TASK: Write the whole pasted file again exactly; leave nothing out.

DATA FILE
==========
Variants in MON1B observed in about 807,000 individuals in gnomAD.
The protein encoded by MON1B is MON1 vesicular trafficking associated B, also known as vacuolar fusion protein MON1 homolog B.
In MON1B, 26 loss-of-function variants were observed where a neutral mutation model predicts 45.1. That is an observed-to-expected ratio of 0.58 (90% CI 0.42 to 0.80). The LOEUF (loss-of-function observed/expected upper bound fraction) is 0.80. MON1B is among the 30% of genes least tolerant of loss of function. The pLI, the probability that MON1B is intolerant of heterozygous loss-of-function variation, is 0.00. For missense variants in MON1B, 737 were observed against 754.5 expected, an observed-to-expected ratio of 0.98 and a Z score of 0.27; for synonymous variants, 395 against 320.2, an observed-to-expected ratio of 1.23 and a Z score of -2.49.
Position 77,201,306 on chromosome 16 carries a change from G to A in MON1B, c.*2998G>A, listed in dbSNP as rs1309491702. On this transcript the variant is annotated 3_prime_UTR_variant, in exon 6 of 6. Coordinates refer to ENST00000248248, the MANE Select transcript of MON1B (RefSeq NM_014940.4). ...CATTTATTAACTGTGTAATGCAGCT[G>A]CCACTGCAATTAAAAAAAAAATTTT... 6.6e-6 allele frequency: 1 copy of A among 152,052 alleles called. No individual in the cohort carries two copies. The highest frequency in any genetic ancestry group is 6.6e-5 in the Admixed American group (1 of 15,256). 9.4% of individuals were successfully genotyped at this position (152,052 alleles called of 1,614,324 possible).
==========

Variants in MON1B observed in about 807,000 individuals in gnomAD.
The protein encoded by MON1B is MON1 vesicular trafficking associated B, also known as vacuolar fusion protein MON1 homolog B.
In MON1B, 26 loss-of-function variants were observed where a neutral mutation model predicts 45.1. That is an observed-to-expected ratio of 0.58 (90% CI 0.42 to 0.80). The LOEUF (loss-of-function observed/expected upper bound fraction) is 0.80. MON1B is among the 30% of genes least tolerant of loss of function. The pLI, the probability that MON1B is intolerant of heterozygous loss-of-function variation, is 0.00. For missense variants in MON1B, 737 were observed against 754.5 expected, an observed-to-expected ratio of 0.98 and a Z score of 0.27; for synonymous variants, 395 against 320.2, an observed-to-expected ratio of 1.23 and a Z score of -2.49.
Position 77,201,306 on chromosome 16 carries a change from G to A in MON1B, c.*2998G>A, listed in dbSNP as rs1309491702. On this transcript the variant is annotated 3_prime_UTR_variant, in exon 6 of 6. Coordinates refer to ENST00000248248, the MANE Select transcript of MON1B (RefSeq NM_014940.4). ...CATTTATTAACTGTGTAATGCAGCT[G>A]CCACTGCAATTAAAAAAAAAATTTT... 6.6e-6 allele frequency: 1 copy of A among 152,052 alleles called. No individual in the cohort carries two copies. The highest frequency in any genetic ancestry group is 6.6e-5 in the Admixed American group (1 of 15,256). 9.4% of individuals were successfully genotyped at this position (152,052 alleles called of 1,614,324 possible).